Paramedics are the newest troops in the fight against San Diego's ever-growing hepatitis A outbreak.
A letter signed this week by the director of the state Emergency Medical Services Authority temporarily expands state laws that govern paramedics, granting them emergency powers to "vaccinate at-risk populations in response to the outbreak."
Dr. Kristi Koenig, director of the San Diego County Emergency Medical Service, requested the temporary scope of practice expansion on Sept. 20 and said Wednesday night that she received approval in the mail Tuesday.
Paramedics will be able to deliver hepatitis A doses only under the supervision of nurses and only at special events created to inoculate those who are at high risk of infection, including homeless residents, drug users and those with liver disease or compromised immune systems.
Usually only nurses and doctors are allowed to give the vaccine.
“Paramedics already have basic skills in terms of delivering injections, and this approval allows us to give them extra training to do vaccination but only in very specific settings with very specific oversight,” Koenig said, adding that they will not be able to administer vaccines during emergency calls.
She said getting the state to approve the request took a fair bit of back-and-forth with California regulators. Assemblyman Todd Gloria, D-San Diego, added a letter of his own urging approval on Sept. 27.
Gloria said Wednesday evening that he believes paramedics can take pressure off public health nurses who have been engaged in a large and growing public vaccination campaign to stop the outbreak, which has now killed 17 people and sickened nearly 500 people throughout the region.
He said that these first responders can be effective with the homeless and drug-using population that has been disproportionately affected by the outbreak.
"Paramedics are often in communication with this population and, frankly, might be better able to get them to say yes to the vaccine," said Gloria, a former city council member. "This adds hundreds of health care professionals to the vaccination campaign. Having more boots on the ground, so to speak, I think can help us keep this outbreak from spreading any more than it already has."
The campaign, by all counts, continues to gain steam. Last week public health officials reported that more than 42,000 doses have been administered. During a presentation at the San Diego Convention Center Wednesday afternoon that number was bumped up to 54,000 by Dr. Eric McDonald, director of the county's Epidemiology and Immunization Services Branch.
He delivered that news to a room full of epidemiology experts attending the session of IDWeek, the annual scientific meeting of the Infectious Diseases Society of America which will gather at the San Diego Convention Center through Sunday.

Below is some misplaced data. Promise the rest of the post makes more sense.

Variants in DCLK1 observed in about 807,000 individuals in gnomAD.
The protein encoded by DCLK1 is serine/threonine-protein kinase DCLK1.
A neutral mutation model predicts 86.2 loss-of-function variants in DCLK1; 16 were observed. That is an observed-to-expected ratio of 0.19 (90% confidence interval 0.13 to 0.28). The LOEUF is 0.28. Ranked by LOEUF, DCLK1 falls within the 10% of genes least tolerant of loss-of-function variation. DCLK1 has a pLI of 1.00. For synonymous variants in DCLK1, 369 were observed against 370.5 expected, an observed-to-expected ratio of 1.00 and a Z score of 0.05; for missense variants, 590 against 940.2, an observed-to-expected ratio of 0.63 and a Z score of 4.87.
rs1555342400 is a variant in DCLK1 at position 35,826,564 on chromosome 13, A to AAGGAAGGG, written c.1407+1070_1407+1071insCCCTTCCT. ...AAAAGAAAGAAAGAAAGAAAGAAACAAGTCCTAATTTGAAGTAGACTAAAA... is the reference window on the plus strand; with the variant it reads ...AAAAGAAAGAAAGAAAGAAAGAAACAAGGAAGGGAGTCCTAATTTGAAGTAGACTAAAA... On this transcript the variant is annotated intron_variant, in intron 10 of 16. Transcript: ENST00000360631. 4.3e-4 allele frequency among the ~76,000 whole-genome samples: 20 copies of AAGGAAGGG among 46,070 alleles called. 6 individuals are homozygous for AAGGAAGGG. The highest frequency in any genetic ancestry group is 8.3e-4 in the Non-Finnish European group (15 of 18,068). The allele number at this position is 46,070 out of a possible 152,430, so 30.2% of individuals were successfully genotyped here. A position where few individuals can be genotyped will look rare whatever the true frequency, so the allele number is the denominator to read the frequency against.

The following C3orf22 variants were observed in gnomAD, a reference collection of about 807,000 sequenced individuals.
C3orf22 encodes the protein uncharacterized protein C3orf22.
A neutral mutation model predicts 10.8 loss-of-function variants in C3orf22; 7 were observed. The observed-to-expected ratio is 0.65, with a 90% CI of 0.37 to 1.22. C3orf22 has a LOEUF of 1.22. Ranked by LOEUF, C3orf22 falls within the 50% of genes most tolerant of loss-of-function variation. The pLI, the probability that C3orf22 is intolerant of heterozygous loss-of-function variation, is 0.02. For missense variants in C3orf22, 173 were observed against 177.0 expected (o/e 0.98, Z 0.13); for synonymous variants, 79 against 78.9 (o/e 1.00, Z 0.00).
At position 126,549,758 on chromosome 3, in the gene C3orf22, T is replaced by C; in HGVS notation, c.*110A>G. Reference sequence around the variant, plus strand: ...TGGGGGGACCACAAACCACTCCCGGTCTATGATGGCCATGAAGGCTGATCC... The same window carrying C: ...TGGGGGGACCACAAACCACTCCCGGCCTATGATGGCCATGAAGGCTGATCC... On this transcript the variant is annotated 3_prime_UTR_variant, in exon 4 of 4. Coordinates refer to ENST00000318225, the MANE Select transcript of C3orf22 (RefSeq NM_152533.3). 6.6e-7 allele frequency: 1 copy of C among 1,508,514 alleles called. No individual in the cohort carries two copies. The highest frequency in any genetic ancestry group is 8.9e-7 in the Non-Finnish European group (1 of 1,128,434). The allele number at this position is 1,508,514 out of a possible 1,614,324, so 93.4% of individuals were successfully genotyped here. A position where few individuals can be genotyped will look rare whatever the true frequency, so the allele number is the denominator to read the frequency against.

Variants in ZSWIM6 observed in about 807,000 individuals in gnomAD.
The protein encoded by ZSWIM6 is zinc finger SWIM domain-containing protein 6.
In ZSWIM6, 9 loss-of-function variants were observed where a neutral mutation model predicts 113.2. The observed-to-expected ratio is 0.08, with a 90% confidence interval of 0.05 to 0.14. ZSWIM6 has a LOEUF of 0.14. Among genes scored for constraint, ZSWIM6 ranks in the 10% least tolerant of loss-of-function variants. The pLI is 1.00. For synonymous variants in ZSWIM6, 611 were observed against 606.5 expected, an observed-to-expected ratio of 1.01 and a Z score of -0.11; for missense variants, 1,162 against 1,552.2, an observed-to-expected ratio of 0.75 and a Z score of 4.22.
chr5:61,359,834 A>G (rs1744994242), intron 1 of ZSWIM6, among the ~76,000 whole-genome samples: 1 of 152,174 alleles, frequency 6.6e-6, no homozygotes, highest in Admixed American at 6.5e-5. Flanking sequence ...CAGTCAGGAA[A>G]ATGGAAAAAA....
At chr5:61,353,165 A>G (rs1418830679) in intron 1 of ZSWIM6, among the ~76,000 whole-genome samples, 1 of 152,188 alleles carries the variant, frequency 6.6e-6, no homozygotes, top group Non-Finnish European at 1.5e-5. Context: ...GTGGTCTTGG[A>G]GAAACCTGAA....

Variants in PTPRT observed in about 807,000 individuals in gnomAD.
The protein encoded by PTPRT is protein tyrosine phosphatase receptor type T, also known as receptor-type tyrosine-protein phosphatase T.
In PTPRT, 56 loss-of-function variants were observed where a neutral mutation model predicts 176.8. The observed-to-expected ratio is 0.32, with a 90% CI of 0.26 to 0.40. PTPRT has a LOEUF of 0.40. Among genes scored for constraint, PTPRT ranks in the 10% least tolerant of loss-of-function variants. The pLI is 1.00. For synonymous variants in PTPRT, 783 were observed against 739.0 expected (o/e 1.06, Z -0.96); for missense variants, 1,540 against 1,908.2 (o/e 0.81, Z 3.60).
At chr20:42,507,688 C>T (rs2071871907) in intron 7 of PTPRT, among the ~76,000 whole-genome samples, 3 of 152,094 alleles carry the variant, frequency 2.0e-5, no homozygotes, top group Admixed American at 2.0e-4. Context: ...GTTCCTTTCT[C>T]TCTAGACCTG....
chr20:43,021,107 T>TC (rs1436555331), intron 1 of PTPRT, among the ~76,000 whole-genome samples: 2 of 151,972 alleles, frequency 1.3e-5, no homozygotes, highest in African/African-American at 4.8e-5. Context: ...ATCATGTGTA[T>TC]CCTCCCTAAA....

McDonald and Dr. Monique Foster, a Centers for Disease Control epidemiologist who has worked with local health officials, noted that there has been a huge increase in hepatitis A cases nationwide recently. Over the last 15 months, Foster said, 1,400 cases have been confirmed, and genetic testing has shown that most of them are caused by a "1B" strain of the virus that is uncommon in the United States.
During her presentation at the convention center, Foster noted that hepatitis A outbreaks were known to flare every 10 to 15 years. Given that the current vaccine was not added to the nation's childhood vaccination schedule until 2006, the timing of the current surge in cases might be following that old pattern which regularly caused outbreaks with hundreds of cases before a vaccine was available.
"Maybe those cyclic increases still occur, and they're just blunted by the vaccine," Foster said.
Many in the audience at Wednesday's talk, who had traveled to San Diego from all over the nation, stood up and asked questions about the outbreak that just happened to be happening in the very city where their conference had already been scheduled.
One wanted to know more about the five health care workers who had become infected.
"Four of those five actually worked in direct patient care where there was a high flow of hepatitis A patients coming in," McDonald said, adding that a local physician in primary care is the most recent confirmed health care worker case.
Another wondered whether the majority of drug users who have been infected have favored crystal meth or intravenous drugs. McDonald said about half of the drug users were on meth while the rest got their fixes through syringes. That hasn’t been the case, he added, in other places where the outbreak has spread.
"In Santa Cruz (County) they're almost all IV drug users," McDonald said.
The physician also provided a few more details on the only child — a five-year-old — infected so far.
"It was an un-immunized member of a vaccine-resistant family who got it from a direct family contact," McDonald said.